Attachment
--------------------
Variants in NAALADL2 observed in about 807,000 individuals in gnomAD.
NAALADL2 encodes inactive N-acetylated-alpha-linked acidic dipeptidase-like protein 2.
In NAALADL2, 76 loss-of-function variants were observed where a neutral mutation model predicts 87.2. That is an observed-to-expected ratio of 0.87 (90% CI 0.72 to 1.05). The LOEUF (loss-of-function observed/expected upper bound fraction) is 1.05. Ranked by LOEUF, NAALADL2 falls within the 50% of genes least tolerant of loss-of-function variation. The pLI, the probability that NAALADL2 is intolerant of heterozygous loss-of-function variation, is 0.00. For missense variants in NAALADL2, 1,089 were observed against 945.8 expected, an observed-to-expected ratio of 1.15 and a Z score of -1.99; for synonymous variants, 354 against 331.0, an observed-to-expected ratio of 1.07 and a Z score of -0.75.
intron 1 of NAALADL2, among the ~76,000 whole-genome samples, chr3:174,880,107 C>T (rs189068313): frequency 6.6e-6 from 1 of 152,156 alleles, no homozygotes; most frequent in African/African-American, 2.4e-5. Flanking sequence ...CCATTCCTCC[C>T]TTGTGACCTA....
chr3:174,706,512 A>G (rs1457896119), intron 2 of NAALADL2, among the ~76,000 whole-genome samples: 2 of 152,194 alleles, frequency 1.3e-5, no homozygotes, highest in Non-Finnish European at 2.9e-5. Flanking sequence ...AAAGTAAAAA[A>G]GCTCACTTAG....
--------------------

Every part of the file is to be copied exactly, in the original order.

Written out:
Variants in NAALADL2 observed in about 807,000 individuals in gnomAD.
NAALADL2 encodes inactive N-acetylated-alpha-linked acidic dipeptidase-like protein 2.
In NAALADL2, 76 loss-of-function variants were observed where a neutral mutation model predicts 87.2. That is an observed-to-expected ratio of 0.87 (90% CI 0.72 to 1.05). The LOEUF (loss-of-function observed/expected upper bound fraction) is 1.05. Ranked by LOEUF, NAALADL2 falls within the 50% of genes least tolerant of loss-of-function variation. The pLI, the probability that NAALADL2 is intolerant of heterozygous loss-of-function variation, is 0.00. For missense variants in NAALADL2, 1,089 were observed against 945.8 expected, an observed-to-expected ratio of 1.15 and a Z score of -1.99; for synonymous variants, 354 against 331.0, an observed-to-expected ratio of 1.07 and a Z score of -0.75.
intron 1 of NAALADL2, among the ~76,000 whole-genome samples, chr3:174,880,107 C>T (rs189068313): frequency 6.6e-6 from 1 of 152,156 alleles, no homozygotes; most frequent in African/African-American, 2.4e-5. Flanking sequence ...CCATTCCTCC[C>T]TTGTGACCTA....
chr3:174,706,512 A>G (rs1457896119), intron 2 of NAALADL2, among the ~76,000 whole-genome samples: 2 of 152,194 alleles, frequency 1.3e-5, no homozygotes, highest in Non-Finnish European at 2.9e-5. Flanking sequence ...AAAGTAAAAA[A>G]GCTCACTTAG....